Years later, he finally decided that it was time to tell the story in the form of the film Liway, a finalist in the full length category in this year’s Cinemalaya. The film, which mirrors Kip’s real life, is about a young boy named Dakip who lives with his parents Day and Ric inside a prison camp for rebels and criminals. Dakip’s mother, Day, tries her best to hide him from the harsh realities of their current predicament. She sings him songs and tells him stories and tales about an enchantress named Liway to protect him from trauma. The film is set during the near end of Martial Law, a time most difficult for detainees and political prisoners. Day is haunted by her past as Kumander Liway (a rebel fighting for national democracy and the fall of the dictator), and in the end confronted with the possibility of letting go of her child in order to give him a better future.

Liway will be shown at this year’s Cinemalaya Film Festival, which will run from Aug. 3 to 12 at the Cultural Center of the Philippines and selected Ayala Cinemas.

As one could imagine, it was hard for Kip to create the film, let alone begin writing it. “Ayoko talaga siyang gawin noong una, honestly (I was having second thoughts about it at first). Why would I put myself in a dangerous position. Liway will inevitably have a political slant,” he says. “But it’s as simple as saying that the film is about Martial Law, a specter of what’s happening in society now, (which) seeps into the fabric of every social institution including the family, how it tears people apart, how it destroys lives. But I do think there was a reason why I decided to finally make it. The time is right.”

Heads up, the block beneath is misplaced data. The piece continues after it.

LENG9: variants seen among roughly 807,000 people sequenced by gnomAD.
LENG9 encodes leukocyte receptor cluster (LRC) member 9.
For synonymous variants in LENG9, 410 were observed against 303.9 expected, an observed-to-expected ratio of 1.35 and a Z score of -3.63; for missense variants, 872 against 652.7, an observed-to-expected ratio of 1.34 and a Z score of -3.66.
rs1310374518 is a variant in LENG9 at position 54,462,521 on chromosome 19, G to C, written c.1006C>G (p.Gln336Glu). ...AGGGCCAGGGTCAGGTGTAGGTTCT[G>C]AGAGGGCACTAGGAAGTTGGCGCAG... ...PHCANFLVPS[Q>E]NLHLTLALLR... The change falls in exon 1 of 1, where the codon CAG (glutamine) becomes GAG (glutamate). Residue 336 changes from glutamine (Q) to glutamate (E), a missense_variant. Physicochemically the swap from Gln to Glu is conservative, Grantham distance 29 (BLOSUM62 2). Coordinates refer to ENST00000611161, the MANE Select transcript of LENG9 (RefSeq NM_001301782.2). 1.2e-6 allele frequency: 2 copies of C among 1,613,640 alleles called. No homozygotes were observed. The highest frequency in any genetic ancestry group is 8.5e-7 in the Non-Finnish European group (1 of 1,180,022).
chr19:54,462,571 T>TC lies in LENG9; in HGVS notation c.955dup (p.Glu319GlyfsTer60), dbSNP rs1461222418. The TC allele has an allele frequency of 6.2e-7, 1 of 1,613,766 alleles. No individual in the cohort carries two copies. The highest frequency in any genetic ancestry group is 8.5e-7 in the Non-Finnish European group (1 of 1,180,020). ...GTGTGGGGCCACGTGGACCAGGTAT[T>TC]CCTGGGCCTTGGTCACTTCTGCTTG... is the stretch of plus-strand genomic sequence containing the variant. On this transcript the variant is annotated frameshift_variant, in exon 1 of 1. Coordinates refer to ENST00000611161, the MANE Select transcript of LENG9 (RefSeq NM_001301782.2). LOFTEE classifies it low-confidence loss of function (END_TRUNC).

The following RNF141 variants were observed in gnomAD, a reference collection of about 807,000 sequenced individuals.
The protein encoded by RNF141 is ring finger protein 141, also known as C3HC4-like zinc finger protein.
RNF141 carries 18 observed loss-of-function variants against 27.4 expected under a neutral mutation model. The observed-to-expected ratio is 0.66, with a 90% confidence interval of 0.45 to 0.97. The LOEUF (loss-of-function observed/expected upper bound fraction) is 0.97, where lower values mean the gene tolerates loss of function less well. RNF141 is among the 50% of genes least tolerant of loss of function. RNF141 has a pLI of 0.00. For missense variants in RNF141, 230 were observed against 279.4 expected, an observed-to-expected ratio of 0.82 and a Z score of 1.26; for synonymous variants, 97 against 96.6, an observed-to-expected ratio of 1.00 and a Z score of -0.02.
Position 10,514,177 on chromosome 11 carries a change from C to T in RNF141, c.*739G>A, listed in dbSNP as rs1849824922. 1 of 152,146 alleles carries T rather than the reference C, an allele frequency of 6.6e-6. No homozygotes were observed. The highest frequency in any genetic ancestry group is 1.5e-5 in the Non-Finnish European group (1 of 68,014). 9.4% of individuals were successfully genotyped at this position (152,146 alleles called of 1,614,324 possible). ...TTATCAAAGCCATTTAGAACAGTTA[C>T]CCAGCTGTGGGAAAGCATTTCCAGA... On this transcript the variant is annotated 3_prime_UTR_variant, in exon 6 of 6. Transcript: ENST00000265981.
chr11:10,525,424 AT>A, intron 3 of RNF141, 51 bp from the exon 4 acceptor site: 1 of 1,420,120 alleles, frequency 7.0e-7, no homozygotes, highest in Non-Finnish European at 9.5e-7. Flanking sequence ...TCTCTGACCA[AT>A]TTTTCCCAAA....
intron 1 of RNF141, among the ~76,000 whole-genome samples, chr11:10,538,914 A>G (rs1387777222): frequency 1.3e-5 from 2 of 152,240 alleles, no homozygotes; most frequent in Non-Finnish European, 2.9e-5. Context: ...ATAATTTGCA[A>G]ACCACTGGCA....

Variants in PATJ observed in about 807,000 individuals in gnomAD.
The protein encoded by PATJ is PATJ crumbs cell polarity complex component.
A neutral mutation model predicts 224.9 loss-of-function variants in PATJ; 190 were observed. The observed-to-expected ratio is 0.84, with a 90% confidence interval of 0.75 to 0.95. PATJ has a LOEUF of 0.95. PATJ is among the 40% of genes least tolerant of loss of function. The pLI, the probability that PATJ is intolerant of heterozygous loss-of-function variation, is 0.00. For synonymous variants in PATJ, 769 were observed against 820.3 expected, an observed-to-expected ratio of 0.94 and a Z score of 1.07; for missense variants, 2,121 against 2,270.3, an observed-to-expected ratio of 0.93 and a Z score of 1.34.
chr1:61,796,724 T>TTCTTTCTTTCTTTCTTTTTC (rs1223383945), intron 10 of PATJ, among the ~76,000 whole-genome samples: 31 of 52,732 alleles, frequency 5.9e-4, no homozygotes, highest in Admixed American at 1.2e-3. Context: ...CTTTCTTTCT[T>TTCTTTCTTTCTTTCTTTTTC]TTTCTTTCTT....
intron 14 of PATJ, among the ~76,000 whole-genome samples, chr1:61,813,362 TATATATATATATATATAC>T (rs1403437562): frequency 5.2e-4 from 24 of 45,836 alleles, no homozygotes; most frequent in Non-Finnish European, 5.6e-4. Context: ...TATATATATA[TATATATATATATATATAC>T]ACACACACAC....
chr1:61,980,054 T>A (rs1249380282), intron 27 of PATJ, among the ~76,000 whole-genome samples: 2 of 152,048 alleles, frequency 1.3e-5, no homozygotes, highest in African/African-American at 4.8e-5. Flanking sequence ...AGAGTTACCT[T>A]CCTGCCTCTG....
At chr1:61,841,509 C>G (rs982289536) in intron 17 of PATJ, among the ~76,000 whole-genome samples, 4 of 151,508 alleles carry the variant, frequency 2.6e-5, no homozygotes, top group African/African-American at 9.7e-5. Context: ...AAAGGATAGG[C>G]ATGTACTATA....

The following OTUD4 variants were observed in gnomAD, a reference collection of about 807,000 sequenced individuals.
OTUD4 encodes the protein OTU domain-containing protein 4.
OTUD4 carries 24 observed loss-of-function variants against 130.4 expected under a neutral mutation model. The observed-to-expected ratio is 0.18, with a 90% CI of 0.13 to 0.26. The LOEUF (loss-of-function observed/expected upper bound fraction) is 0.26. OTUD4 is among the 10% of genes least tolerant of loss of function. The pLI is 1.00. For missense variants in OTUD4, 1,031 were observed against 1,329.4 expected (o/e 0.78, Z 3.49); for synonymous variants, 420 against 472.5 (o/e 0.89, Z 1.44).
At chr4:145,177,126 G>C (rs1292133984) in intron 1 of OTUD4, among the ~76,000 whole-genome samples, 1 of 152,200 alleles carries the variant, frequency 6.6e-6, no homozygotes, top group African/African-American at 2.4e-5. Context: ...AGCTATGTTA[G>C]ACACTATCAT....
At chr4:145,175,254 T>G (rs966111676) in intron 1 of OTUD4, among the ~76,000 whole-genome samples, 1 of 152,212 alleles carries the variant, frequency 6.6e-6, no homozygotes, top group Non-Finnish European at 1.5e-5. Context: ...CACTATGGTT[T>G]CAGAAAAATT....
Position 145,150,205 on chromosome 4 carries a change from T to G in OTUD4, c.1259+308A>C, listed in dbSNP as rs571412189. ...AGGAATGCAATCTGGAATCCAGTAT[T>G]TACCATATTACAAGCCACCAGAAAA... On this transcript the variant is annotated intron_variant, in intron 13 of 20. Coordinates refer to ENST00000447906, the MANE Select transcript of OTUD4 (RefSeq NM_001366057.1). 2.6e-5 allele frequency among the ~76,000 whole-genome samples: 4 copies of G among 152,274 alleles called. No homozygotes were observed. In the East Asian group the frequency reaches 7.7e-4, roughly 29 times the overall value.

A few years ago, when the “Marcos burial at the Libingan Ng Mga Bayani” happened, Kip spoke in a mobilization at EDSA. And when the issue broke out, he wrote a note on Facebook, narrating the story of what happened to him and his family during Martial Law. “I didn’t judge any political figure, I did not praise or insult anyone in politics, I didn’t pin the blame on anyone, I just said ‘these are the facts, this is what happened.’ It got massively shared, and what surprised me was, no one bashed me for it, I didn’t get trolled or hated, not even by those who do not necessarily agree with my political leanings,” he says. “And so I thought maybe this is the way to start the discourse with people who don’t necessarily subscribe to your political views: Just give them facts, give them the stories of what really happened. Even some people who supported the regime were okay with it. They were willing to listen.”